The pictured scenario is “Depletion”, and it’s a bit complex. First, six objectives, placed as shown. The two closest to you are “Friendly”, the two in the middle are “Neutral”, and the two furthest from you are “Enemy”. Scoring is simply “who has the most Scenario Points”, which requires that you understand the “Prayer (5)” interaction.

For a mission with Prayer (X), you get X prayer tokens. A model can take a Prayer action while touching one of the objectives and spends one of the Prayer tokens, and you immediately score a number of points based on the objective– 1 for Friendly, 2 for Neutral, and 3 for Enemy. Basically, you have 5 shots at maximizing your score. As a final twist, whichever the most often used objective was gets removed each time VPs are scored, forcing you to scramble around to find a new objective.

It’s less complicated than it seems once you know what’s up, but this scenario takes you all over the board. You’re probably going to be switching strategies every turn, just based on what happened. Let’s look at the other one.

The other scenario is “Keii” (敬意, or “respect”). It’s functionally the same as “Depletion”, except that instead of an objective vanishing every other turn, on turns 3 and 5 both players’ scores are reset. Whereas Depletion forces you to move around a lot, Keii is more about take-and-hold. Otherwise, it’s the same set of mechanics.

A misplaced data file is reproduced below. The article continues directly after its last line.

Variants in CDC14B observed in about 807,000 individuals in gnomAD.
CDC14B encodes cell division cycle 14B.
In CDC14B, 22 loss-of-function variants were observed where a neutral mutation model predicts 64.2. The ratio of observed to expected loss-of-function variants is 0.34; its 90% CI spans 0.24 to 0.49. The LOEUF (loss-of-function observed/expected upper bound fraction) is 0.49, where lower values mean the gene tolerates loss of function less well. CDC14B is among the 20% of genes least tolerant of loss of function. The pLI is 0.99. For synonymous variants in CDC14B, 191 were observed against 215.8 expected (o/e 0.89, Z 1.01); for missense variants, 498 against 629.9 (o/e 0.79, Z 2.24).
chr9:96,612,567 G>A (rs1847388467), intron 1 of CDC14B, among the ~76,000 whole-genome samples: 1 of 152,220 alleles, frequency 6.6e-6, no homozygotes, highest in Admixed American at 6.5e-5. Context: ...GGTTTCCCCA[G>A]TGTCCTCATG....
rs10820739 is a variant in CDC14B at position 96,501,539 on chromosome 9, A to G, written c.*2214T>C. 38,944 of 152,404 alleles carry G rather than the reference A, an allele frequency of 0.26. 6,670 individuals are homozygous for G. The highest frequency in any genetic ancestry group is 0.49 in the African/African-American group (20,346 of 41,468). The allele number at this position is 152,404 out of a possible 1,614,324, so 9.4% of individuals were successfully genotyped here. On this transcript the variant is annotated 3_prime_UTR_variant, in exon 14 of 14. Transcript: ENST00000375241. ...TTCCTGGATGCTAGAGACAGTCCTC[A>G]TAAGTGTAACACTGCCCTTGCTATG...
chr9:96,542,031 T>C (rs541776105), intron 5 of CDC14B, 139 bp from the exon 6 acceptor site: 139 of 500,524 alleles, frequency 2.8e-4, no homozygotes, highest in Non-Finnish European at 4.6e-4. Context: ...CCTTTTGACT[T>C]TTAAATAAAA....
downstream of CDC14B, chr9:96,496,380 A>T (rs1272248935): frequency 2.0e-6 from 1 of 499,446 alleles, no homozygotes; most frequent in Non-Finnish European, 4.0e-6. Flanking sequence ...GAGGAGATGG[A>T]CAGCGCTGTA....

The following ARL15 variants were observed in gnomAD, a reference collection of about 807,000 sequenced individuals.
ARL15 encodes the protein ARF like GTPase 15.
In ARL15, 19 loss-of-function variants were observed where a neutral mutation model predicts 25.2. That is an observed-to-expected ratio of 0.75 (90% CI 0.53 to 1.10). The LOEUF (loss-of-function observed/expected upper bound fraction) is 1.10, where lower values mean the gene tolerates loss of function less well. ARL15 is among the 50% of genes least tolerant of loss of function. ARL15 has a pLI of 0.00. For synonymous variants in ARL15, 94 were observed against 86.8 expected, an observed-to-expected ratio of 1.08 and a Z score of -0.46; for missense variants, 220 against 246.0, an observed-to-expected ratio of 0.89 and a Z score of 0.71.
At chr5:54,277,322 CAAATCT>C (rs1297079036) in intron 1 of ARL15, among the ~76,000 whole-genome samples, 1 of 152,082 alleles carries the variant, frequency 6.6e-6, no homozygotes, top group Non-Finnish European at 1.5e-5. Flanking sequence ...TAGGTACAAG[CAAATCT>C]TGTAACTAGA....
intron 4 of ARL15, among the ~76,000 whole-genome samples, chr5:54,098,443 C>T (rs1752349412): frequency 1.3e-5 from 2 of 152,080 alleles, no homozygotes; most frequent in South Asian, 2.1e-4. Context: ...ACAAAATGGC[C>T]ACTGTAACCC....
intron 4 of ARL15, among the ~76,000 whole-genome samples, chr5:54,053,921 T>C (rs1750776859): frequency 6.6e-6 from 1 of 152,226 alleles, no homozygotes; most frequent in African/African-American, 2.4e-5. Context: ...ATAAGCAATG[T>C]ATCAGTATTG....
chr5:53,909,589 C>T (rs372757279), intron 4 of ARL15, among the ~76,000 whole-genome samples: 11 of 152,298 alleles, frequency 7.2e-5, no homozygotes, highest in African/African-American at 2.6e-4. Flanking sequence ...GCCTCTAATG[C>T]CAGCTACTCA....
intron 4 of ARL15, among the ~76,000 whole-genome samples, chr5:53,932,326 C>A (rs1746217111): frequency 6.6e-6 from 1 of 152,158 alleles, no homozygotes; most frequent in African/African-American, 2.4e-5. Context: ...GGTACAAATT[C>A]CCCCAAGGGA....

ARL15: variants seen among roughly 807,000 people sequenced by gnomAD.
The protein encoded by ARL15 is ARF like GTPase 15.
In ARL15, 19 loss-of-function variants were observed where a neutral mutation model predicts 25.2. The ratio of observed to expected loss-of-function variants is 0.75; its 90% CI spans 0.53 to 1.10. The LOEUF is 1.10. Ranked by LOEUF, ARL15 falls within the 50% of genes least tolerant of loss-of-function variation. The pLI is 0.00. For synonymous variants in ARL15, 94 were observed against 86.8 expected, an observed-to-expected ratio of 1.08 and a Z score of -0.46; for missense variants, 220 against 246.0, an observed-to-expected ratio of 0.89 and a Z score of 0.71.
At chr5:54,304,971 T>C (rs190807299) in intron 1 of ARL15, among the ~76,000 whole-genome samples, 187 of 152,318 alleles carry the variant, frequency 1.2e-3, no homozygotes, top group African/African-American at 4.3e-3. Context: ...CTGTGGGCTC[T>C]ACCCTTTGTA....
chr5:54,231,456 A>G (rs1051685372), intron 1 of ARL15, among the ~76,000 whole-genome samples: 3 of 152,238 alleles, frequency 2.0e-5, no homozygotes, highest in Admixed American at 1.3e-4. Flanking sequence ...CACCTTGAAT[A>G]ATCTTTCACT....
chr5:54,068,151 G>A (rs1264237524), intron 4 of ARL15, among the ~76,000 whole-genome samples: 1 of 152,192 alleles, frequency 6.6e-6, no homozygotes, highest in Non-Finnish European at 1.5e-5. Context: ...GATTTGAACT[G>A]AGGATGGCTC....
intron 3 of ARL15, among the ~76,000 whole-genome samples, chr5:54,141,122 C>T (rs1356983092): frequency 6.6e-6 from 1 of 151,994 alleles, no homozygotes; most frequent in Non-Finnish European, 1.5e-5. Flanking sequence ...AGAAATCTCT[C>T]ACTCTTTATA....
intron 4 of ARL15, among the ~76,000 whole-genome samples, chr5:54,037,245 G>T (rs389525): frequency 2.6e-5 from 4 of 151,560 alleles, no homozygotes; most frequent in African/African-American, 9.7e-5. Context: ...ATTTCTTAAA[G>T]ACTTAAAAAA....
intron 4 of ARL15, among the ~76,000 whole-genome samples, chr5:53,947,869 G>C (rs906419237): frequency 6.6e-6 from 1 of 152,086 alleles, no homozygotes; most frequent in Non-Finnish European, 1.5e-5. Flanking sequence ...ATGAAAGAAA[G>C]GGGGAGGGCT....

These two are interesting as far as boards go. I REALLY dislike the long-walled layout for these. It puts four objectives where the river-side player can easily reach them (very rough placement, just for visuals):

Building a Bushido Board (Part 3: How We’re Using The Space)

On top of that, one of the objectives inside the walls is basically right on top of the gate. This board hugely favors the river-side player for these objectives, with the two by the river and the one by the small house being pretty much free grabs, whereas the wall-side player has a nasty uphill battle to reach objectives other than the ones behind their wall and is looking at splitting their force pretty unpleasantly.

Let’s see if the other layout is better:

Building a Bushido Board (Part 3: How We’re Using The Space)